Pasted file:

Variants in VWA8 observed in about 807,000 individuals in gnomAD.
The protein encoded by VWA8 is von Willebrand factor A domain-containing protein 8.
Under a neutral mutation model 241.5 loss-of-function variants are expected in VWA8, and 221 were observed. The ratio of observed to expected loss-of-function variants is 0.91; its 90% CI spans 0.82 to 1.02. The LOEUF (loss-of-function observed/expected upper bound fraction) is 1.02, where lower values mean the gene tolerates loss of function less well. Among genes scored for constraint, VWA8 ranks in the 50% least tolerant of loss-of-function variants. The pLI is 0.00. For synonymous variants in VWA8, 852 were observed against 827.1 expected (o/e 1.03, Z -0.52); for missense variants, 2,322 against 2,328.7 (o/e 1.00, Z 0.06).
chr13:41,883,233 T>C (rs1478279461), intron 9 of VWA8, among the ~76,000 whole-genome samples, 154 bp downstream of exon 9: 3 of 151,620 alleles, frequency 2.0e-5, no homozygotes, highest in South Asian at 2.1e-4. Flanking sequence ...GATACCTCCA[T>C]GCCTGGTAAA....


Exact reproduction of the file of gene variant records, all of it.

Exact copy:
Variants in VWA8 observed in about 807,000 individuals in gnomAD.
The protein encoded by VWA8 is von Willebrand factor A domain-containing protein 8.
Under a neutral mutation model 241.5 loss-of-function variants are expected in VWA8, and 221 were observed. The ratio of observed to expected loss-of-function variants is 0.91; its 90% CI spans 0.82 to 1.02. The LOEUF (loss-of-function observed/expected upper bound fraction) is 1.02, where lower values mean the gene tolerates loss of function less well. Among genes scored for constraint, VWA8 ranks in the 50% least tolerant of loss-of-function variants. The pLI is 0.00. For synonymous variants in VWA8, 852 were observed against 827.1 expected (o/e 1.03, Z -0.52); for missense variants, 2,322 against 2,328.7 (o/e 1.00, Z 0.06).
chr13:41,883,233 T>C (rs1478279461), intron 9 of VWA8, among the ~76,000 whole-genome samples, 154 bp downstream of exon 9: 3 of 151,620 alleles, frequency 2.0e-5, no homozygotes, highest in South Asian at 2.1e-4. Flanking sequence ...GATACCTCCA[T>C]GCCTGGTAAA....